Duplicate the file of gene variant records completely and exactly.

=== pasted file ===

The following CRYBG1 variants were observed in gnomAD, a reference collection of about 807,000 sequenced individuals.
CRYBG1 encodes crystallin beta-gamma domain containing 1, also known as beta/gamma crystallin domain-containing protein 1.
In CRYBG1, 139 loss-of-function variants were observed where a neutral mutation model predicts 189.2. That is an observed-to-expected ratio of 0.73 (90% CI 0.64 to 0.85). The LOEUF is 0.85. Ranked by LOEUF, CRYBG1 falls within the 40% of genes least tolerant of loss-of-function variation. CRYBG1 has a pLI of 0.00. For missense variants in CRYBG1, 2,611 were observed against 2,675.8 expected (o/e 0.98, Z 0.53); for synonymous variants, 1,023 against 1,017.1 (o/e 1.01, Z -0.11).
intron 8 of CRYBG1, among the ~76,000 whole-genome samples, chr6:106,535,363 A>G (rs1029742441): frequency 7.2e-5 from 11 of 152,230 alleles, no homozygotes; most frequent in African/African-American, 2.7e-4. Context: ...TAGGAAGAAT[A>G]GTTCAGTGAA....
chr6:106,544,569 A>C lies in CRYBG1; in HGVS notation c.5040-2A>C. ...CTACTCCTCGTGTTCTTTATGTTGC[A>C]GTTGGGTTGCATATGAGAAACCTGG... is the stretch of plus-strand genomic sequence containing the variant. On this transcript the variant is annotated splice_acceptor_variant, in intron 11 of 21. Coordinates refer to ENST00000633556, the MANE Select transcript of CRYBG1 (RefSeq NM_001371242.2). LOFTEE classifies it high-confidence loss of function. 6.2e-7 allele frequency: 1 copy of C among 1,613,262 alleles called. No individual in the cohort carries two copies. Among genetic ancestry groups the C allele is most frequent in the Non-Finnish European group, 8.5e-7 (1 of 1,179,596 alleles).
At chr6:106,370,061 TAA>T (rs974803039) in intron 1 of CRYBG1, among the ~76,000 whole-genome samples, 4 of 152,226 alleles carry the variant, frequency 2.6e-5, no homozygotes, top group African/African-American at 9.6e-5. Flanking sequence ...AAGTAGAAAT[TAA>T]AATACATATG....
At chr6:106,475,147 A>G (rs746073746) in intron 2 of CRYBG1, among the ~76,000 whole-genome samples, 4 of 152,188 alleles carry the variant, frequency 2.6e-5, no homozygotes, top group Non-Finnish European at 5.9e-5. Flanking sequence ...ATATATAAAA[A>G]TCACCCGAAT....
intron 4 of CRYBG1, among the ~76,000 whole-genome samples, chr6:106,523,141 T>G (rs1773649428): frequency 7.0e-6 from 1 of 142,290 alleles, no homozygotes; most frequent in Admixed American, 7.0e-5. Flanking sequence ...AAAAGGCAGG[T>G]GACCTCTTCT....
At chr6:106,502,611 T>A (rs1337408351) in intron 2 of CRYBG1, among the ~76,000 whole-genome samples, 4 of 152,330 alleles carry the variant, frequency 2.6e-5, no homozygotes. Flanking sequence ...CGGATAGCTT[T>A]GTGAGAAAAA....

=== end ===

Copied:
The following CRYBG1 variants were observed in gnomAD, a reference collection of about 807,000 sequenced individuals.
CRYBG1 encodes crystallin beta-gamma domain containing 1, also known as beta/gamma crystallin domain-containing protein 1.
In CRYBG1, 139 loss-of-function variants were observed where a neutral mutation model predicts 189.2. That is an observed-to-expected ratio of 0.73 (90% CI 0.64 to 0.85). The LOEUF is 0.85. Ranked by LOEUF, CRYBG1 falls within the 40% of genes least tolerant of loss-of-function variation. CRYBG1 has a pLI of 0.00. For missense variants in CRYBG1, 2,611 were observed against 2,675.8 expected (o/e 0.98, Z 0.53); for synonymous variants, 1,023 against 1,017.1 (o/e 1.01, Z -0.11).
intron 8 of CRYBG1, among the ~76,000 whole-genome samples, chr6:106,535,363 A>G (rs1029742441): frequency 7.2e-5 from 11 of 152,230 alleles, no homozygotes; most frequent in African/African-American, 2.7e-4. Context: ...TAGGAAGAAT[A>G]GTTCAGTGAA....
chr6:106,544,569 A>C lies in CRYBG1; in HGVS notation c.5040-2A>C. ...CTACTCCTCGTGTTCTTTATGTTGC[A>C]GTTGGGTTGCATATGAGAAACCTGG... is the stretch of plus-strand genomic sequence containing the variant. On this transcript the variant is annotated splice_acceptor_variant, in intron 11 of 21. Coordinates refer to ENST00000633556, the MANE Select transcript of CRYBG1 (RefSeq NM_001371242.2). LOFTEE classifies it high-confidence loss of function. 6.2e-7 allele frequency: 1 copy of C among 1,613,262 alleles called. No individual in the cohort carries two copies. Among genetic ancestry groups the C allele is most frequent in the Non-Finnish European group, 8.5e-7 (1 of 1,179,596 alleles).
At chr6:106,370,061 TAA>T (rs974803039) in intron 1 of CRYBG1, among the ~76,000 whole-genome samples, 4 of 152,226 alleles carry the variant, frequency 2.6e-5, no homozygotes, top group African/African-American at 9.6e-5. Flanking sequence ...AAGTAGAAAT[TAA>T]AATACATATG....
At chr6:106,475,147 A>G (rs746073746) in intron 2 of CRYBG1, among the ~76,000 whole-genome samples, 4 of 152,188 alleles carry the variant, frequency 2.6e-5, no homozygotes, top group Non-Finnish European at 5.9e-5. Flanking sequence ...ATATATAAAA[A>G]TCACCCGAAT....
intron 4 of CRYBG1, among the ~76,000 whole-genome samples, chr6:106,523,141 T>G (rs1773649428): frequency 7.0e-6 from 1 of 142,290 alleles, no homozygotes; most frequent in Admixed American, 7.0e-5. Flanking sequence ...AAAAGGCAGG[T>G]GACCTCTTCT....
At chr6:106,502,611 T>A (rs1337408351) in intron 2 of CRYBG1, among the ~76,000 whole-genome samples, 4 of 152,330 alleles carry the variant, frequency 2.6e-5, no homozygotes. Flanking sequence ...CGGATAGCTT[T>A]GTGAGAAAAA....